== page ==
Morgan’s Hill between Devizes and Calne offers incredible views of Cherhill Down and the plains of north Wiltshire. The reserve is a Site of Special Scientific Interest for its orchids, butterflies and for the general quality of chalk grassland and wildflowers.
A Roman road runs along its northern edge and the fifth century Wansdyke defines its southern border – built to defend the northern territory of Wessex. This large bank with a deep ditch is home to early purple orchids and round-headed rampion. It is believed the hill was named after a local man, John Morgan, who in 1720 was hung at this prominent site for murdering his uncle.
Unusually all three of the UK’s native conifer trees grow here – Scots pine, juniper and yew – possibly planted as way-markers to signpost the drovers’ route. Keep your eyes peeled for cowslips, primroses and violets in spring, and wild thyme, horseshoe vetch, common rock rose and marsh helleborine in summer. Where there are flowers, butterflies follow. Along the Wansdyke you can find the Adonis, chalkhill, common and small blues. Further down the slopes look for the marsh fritillary – one of the UK’s most endangered species of butterfly, which feeds on devil’s-bit scabious. The reserve is a magnet for moths such as the Mother Shipton, named after a Yorkshire witch because its wing pattern is thought to resemble an unpleasant face. Birds found at the reserve include kestrel, buzzard, yellow hammer and skylark.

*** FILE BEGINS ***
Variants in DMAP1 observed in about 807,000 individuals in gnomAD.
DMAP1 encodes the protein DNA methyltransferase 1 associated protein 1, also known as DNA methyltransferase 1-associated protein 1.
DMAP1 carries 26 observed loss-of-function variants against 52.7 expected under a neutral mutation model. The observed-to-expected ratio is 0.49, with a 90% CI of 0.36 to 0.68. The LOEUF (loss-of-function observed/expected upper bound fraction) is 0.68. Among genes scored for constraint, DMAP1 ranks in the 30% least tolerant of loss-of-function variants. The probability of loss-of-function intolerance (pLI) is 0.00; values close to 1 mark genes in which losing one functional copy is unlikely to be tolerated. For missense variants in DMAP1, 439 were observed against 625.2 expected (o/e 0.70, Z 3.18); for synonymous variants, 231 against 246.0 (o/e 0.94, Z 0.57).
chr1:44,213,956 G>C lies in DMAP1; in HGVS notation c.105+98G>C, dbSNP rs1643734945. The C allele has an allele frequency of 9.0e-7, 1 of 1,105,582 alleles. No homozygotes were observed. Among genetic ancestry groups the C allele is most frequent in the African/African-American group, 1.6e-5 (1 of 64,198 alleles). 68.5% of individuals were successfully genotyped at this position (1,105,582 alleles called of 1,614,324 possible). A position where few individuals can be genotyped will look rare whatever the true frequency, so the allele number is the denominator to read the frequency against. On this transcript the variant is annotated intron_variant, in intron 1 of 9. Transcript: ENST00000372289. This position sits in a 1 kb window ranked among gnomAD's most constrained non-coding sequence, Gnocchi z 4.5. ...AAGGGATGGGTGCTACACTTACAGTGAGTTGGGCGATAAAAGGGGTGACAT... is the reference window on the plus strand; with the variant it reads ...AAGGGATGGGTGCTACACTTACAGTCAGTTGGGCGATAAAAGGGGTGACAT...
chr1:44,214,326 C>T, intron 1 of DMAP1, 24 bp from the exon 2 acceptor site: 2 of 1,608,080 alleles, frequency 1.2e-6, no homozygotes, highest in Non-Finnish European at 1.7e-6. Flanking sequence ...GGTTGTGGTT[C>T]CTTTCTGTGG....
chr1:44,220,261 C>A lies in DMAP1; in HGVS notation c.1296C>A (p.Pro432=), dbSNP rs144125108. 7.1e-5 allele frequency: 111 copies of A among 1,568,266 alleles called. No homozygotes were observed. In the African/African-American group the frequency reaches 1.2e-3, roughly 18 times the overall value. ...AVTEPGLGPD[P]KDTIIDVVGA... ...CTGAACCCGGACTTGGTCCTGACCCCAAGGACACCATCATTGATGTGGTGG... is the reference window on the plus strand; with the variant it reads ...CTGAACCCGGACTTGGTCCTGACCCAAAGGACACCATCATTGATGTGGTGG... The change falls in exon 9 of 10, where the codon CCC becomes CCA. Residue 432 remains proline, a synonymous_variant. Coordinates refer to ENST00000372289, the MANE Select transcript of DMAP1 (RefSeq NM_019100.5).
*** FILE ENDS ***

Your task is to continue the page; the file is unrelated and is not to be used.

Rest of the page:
We are improving the grassland by removing scrub and grazing with our Dexter cattle and Herdwick sheep. We have cleared an area of invasive tor-grass, scraping back to the bare chalk, so that different plants and invertebrates can colonise.
Thanks to Wiltshire Wildlife Trust